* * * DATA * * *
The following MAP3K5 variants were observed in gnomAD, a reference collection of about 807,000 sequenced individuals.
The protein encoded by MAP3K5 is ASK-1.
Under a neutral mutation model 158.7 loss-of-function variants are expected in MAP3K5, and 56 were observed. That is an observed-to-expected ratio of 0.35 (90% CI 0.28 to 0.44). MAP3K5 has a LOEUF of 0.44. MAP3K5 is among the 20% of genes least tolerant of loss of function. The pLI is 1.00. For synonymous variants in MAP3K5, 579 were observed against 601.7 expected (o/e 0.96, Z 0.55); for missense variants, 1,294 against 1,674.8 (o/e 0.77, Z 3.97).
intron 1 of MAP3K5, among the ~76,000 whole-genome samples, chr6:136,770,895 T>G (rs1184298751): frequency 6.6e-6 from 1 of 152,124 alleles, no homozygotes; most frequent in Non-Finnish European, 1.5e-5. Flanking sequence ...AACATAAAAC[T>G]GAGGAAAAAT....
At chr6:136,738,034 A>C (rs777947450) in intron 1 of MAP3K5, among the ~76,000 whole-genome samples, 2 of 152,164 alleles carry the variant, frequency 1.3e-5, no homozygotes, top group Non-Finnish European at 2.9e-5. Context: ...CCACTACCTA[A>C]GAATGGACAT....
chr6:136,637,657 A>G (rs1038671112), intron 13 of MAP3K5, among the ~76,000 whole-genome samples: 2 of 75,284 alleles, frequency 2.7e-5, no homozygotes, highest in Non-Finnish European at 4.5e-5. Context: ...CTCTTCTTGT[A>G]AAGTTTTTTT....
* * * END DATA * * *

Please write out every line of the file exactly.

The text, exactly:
The following MAP3K5 variants were observed in gnomAD, a reference collection of about 807,000 sequenced individuals.
The protein encoded by MAP3K5 is ASK-1.
Under a neutral mutation model 158.7 loss-of-function variants are expected in MAP3K5, and 56 were observed. That is an observed-to-expected ratio of 0.35 (90% CI 0.28 to 0.44). MAP3K5 has a LOEUF of 0.44. MAP3K5 is among the 20% of genes least tolerant of loss of function. The pLI is 1.00. For synonymous variants in MAP3K5, 579 were observed against 601.7 expected (o/e 0.96, Z 0.55); for missense variants, 1,294 against 1,674.8 (o/e 0.77, Z 3.97).
intron 1 of MAP3K5, among the ~76,000 whole-genome samples, chr6:136,770,895 T>G (rs1184298751): frequency 6.6e-6 from 1 of 152,124 alleles, no homozygotes; most frequent in Non-Finnish European, 1.5e-5. Flanking sequence ...AACATAAAAC[T>G]GAGGAAAAAT....
At chr6:136,738,034 A>C (rs777947450) in intron 1 of MAP3K5, among the ~76,000 whole-genome samples, 2 of 152,164 alleles carry the variant, frequency 1.3e-5, no homozygotes, top group Non-Finnish European at 2.9e-5. Context: ...CCACTACCTA[A>C]GAATGGACAT....
chr6:136,637,657 A>G (rs1038671112), intron 13 of MAP3K5, among the ~76,000 whole-genome samples: 2 of 75,284 alleles, frequency 2.7e-5, no homozygotes, highest in Non-Finnish European at 4.5e-5. Context: ...CTCTTCTTGT[A>G]AAGTTTTTTT....